Proteins perform roles in the body and are responsible for biological function. In drug discovery, we often seek to change a particular protein’s function to help the body combat disease. Drug discovery efforts that focus on modulating a particular protein with a small molecule drug can be framed as target-based drug discovery (where the protein is the target). A protein’s biological function is determined by its structure and sequence (proteins are constructed from chains of amino acids). The most common method for affecting a protein’s function is to interfere with a protein-ligand binding site, or pocket, capable of accommodating small molecules. A commonly used analogy is that the protein is a lock, and the drug is a key, and in drug discovery the game is to design the optimal key that fits in the lock. Obviously this is a simplification, not least because the key and lock are both constantly moving!
Figuring out which proteins a molecule may bind to is a task at the core of drug discovery. Depending on your start point, you may know a molecule binds one protein but suspect others to be interacting also, this can contribute to drug toxicity or polypharmacology. Conversely you may know of no molecules that bind your protein of interest, and are hoping to draw inspiration from molecules known to bind similar protein binding sites in a virtual screening scenario.
Traditional approaches for assessing the similarity between 3D protein pockets are often based on a combination of hand crafted representations of the pockets and traditional shape matching algorithms. We hypothesised that a machine learning method for pocket matching would be able to learn a pocket representation directly from the data, while simultaneously learning which features of a pocket are particularly important for shared molecule binding. By introducing a machine learning-based solution to the problem of pocket matching we hoped to remove human bias and produce a pocket representation tailored for drug discovery.
We view protein pocket matching through the lens of computer vision where we regard 3D protein structures as 3D images. Convolutional Neural Networks (CNNs) have proved effective across a number of domains and are able to build powerful representations of the input from low level pixels – except in 3D, pixels are known as voxels. In contrast to images, where each pixel is represented by intensities of red, green and blue (rgb), we replace the additive primary colours with molecular properties such as hydrophobicity or the ability of an atom to form hydrogen bonds.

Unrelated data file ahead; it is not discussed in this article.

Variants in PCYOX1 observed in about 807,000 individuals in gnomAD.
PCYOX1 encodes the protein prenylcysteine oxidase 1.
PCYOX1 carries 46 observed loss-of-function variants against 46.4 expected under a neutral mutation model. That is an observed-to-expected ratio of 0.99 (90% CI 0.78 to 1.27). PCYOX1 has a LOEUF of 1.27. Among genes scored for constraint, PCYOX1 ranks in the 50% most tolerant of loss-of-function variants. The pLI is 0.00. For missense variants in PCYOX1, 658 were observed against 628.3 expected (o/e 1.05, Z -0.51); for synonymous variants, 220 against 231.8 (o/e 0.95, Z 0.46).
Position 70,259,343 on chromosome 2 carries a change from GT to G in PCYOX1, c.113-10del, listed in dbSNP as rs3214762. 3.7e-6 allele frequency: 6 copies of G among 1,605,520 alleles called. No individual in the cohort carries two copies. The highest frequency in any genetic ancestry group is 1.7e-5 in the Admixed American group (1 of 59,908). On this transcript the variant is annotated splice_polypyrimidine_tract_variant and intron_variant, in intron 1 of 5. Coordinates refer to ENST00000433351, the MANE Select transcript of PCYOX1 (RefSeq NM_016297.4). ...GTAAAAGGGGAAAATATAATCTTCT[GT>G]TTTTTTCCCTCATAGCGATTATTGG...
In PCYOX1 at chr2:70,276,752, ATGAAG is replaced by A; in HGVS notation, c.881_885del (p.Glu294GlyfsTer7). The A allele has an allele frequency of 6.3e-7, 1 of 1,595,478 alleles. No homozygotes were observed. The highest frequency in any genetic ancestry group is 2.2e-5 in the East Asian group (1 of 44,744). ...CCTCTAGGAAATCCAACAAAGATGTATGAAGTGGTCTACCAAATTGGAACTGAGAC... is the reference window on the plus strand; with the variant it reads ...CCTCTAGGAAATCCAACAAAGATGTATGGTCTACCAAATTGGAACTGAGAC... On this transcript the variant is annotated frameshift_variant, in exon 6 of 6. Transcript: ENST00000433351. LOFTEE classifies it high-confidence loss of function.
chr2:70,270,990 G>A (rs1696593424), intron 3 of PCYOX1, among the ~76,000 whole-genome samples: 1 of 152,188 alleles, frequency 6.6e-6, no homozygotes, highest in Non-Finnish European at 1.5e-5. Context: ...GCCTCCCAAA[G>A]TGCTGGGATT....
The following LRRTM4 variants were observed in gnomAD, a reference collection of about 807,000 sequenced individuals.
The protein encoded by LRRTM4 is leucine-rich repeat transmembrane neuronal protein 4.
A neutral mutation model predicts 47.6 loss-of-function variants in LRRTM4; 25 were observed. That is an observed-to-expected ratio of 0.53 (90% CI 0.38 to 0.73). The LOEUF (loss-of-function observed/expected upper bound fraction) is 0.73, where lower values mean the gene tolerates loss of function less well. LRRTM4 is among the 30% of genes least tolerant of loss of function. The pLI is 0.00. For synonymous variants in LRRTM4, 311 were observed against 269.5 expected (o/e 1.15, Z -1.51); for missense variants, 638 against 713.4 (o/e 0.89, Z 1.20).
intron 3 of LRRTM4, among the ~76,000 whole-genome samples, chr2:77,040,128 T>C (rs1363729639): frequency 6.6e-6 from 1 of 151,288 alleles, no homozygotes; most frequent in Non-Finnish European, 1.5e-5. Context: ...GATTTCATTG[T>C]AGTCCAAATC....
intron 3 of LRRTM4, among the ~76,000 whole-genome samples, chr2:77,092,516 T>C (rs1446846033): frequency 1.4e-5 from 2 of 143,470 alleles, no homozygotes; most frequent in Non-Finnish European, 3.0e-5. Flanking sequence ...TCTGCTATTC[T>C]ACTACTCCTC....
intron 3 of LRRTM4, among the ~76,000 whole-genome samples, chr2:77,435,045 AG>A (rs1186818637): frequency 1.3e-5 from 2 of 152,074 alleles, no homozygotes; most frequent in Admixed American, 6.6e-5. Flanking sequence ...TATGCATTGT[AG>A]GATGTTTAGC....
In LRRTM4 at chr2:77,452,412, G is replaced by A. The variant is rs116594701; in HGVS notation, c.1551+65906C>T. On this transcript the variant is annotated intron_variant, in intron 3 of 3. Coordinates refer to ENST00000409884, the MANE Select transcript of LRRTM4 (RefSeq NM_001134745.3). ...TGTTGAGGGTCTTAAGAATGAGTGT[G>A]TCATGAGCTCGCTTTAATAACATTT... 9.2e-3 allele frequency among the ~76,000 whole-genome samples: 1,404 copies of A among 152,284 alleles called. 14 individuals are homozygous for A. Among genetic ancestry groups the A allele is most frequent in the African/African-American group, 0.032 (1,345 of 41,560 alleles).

To train DeeplyTough, we take advantage of a recently published dataset of ~1 million data points, TOUGH-M1.
The field of distance metric learning aims to automatically determine the distance between items, and can be trained in a machine learning manner given a dataset of labelled examples. In our case, the TOUGH-M1 dataset contains examples of positive pairs (two protein pockets that have been shown to bind similar molecules), and negative pairs (two protein pockets that have shown no evidence of shared molecule binding). We train DeeplyTough to encourage separation of negative pairs, and close proximity of positive pairs in euclidean space.
We thoroughly benchmark our approach using three publicly available datasets and demonstrate that a metric learning approach for 3D pocket matching can show performance that is competitive with existing approaches on a much faster timescale at runtime. Our work represents a proof of concept showing that metric learning is capable of matching protein pockets that are likely to bind similar ligands directly from 3D protein structure data.An approach for protein pocket matching is one tool in the toolkit of modern drug discovery. We have introduced DeeplyTough, the first learned method for matching protein pockets, this shift in paradigm reduces the human bias associated with previous approaches, and reduces the runtime cost allowing us to consider much larger datasets. DeeplyTough will accelerate our ability to effectively search for novel drugs.